Monday, June 1, 2015
What is one thing managers can do to increase creativity, productivity, and commitment by their employees?

A recent study by two psychologists, Teresa Amabile and Steven Kramer, concludes: “If you focus on supporting the daily progress of people working in your organization, you will not only foster the success of the organization but also enrich the everyday lives of your employees.”

This simple, powerful insight isn’t obvious to managers.  They surveyed managers, asking what they thought were the most important factors in influencing motivation and emotions at work.  Managers ranked “recognition, incentives, interpersonal support, and clear goals” as top.  “Support for making progress” was ranked as dead last as a motivator.  So managers had it wrong.

How did Amabile and Kramer come to their conclusion?  They conducted research focused on the inner work lives of employees (not managers) by inviting 238 people in seven different companies to keep a daily diary of their perceptions, emotions and motivations each day – yielding 12,000 diary entries that they then analyzed. 

Amabile and Kramer say: “Inner work life matters for companies because, no matter how brilliant a company’s strategy might be, the strategy’s execution depends on great performance by people inside the organization.” They were surprised when they found that the particularly most powerful force supporting inner work life is the ability to make progress in meaningful work.

But “meaningful” doesn’t necessarily require working on thing that have a profound importance to society.  They say: “What matters is whether you perceive your work as contributing value to something or someone who matters (even your team, yourself, or your family).”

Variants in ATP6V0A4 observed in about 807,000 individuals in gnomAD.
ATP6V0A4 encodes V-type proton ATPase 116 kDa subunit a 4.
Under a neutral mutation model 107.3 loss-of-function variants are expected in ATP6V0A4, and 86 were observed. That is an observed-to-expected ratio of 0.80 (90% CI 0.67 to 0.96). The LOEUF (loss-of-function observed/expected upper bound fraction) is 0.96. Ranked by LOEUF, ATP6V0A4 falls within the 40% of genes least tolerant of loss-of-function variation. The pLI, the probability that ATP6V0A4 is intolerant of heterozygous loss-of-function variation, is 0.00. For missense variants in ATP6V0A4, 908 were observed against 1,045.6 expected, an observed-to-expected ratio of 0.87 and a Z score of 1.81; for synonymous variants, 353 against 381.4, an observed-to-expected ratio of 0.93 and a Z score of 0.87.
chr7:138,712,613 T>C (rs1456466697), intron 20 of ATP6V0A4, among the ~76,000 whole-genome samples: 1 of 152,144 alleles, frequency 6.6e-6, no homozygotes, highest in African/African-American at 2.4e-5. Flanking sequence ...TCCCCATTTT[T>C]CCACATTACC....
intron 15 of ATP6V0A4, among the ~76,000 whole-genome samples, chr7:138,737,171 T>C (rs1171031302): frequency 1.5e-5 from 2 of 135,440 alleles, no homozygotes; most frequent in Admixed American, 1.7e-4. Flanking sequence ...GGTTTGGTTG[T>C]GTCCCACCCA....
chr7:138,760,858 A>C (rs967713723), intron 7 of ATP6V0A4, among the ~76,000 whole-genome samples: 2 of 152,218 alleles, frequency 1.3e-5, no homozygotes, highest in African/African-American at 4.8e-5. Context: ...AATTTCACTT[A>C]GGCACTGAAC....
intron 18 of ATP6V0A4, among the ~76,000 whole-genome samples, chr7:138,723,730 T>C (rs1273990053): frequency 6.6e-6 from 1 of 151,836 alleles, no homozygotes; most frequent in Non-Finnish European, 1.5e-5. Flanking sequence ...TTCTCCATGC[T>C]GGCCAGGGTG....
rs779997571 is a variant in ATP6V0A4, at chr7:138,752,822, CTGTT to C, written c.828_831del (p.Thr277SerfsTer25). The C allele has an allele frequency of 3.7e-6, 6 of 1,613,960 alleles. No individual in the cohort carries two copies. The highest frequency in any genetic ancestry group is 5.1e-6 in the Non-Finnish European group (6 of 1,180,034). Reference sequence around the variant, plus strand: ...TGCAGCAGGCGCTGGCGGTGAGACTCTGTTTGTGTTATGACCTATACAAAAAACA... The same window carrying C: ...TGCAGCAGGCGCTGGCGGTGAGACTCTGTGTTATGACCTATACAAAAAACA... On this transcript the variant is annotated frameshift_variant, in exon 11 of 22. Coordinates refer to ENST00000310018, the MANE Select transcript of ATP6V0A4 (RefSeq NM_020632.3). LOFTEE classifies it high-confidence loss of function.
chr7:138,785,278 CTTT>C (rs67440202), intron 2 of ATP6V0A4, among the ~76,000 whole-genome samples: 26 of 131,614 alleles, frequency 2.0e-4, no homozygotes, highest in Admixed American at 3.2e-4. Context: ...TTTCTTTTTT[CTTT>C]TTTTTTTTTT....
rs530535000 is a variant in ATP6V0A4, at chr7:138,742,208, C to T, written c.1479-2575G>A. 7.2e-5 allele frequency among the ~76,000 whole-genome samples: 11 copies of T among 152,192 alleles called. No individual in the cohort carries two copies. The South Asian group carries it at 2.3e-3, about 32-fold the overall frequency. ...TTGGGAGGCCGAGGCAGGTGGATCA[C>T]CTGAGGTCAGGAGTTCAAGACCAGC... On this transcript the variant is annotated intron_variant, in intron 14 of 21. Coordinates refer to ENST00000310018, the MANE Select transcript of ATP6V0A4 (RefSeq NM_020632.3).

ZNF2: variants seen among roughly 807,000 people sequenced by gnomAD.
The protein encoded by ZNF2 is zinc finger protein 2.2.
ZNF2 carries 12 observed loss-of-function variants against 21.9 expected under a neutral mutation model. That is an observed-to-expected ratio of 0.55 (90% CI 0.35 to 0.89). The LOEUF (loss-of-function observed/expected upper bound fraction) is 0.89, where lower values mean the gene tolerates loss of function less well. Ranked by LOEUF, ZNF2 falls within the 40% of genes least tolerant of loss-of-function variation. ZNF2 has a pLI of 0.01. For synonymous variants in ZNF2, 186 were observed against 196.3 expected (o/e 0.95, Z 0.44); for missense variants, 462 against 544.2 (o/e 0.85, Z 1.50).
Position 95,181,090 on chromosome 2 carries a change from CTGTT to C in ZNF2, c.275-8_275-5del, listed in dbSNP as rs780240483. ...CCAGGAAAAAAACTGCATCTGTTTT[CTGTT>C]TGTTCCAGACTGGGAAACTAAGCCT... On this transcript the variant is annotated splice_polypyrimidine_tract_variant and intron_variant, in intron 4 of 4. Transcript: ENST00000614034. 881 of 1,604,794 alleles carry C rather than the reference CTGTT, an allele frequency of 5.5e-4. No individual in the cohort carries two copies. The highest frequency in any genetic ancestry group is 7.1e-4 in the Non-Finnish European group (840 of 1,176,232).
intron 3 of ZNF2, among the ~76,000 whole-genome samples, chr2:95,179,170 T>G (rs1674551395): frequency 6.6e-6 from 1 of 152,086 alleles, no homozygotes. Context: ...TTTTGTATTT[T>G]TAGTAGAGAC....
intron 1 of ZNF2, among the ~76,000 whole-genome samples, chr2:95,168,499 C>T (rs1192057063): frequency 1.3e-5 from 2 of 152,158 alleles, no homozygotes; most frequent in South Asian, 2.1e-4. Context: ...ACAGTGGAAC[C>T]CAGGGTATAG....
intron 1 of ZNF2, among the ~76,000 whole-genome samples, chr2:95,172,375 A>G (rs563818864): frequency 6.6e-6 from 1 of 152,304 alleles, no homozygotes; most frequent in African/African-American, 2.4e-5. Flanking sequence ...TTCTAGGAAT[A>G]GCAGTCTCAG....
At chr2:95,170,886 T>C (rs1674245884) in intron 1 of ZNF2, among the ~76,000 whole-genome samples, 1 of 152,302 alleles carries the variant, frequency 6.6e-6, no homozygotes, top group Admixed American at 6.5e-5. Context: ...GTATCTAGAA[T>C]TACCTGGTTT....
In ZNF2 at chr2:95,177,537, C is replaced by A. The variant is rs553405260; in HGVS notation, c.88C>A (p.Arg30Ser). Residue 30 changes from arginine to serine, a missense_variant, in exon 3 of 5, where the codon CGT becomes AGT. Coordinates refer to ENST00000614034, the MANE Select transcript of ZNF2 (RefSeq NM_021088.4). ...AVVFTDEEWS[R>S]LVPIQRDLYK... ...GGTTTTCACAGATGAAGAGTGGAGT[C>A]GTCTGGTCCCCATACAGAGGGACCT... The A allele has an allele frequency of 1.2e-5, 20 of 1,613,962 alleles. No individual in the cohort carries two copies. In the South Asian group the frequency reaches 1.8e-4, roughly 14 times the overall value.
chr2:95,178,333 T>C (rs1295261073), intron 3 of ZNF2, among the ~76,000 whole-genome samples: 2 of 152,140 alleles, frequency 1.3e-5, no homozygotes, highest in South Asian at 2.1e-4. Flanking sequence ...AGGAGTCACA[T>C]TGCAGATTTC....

I was struck by this same insight a few years ago when I talked with someone trying to fix a dysfunctional state government bureau that dealt with rescinding drivers’ licenses for drunk drivers.  The employees were notorious for taking months to respond to court orders.  But my friend invited a state trooper to speak to an all-hands staff meeting of the bureau.  He emotionally told them about the death of a little girl by a drunk driver whose license had not been suspended in time – and how important their work is to him in keeping such drivers off the street.  He helped them understand why their seemingly mind-numbing paper-processing was important to the community.  Shortly after, the processing sped up dramatically.  The employees had the meaningfulness of their work clarified.

As psychologists, Amabile and Kramer understand that: “Most people have strong intrinsic motivation to do their work . . . as long as the work is meaningful, managers do not have to spend time coming up with ways to motivate people to do the work.  They are much better served by removing barriers to progress, helping people experience the intrinsic satisfaction that derives from accomplishment.”

So, they conclude: “Any manager’s job description should start with facilitating subordinates’ progress every day.”  This may be obvious to frontline workers, but not so obvious to managers.

So, if you are a manager, commit to removing at least one barrier facing your employees before you leave the office today!

 

Graphic Credit: Courtesy of Stuart Miles via FreeDigitalPhotos.net

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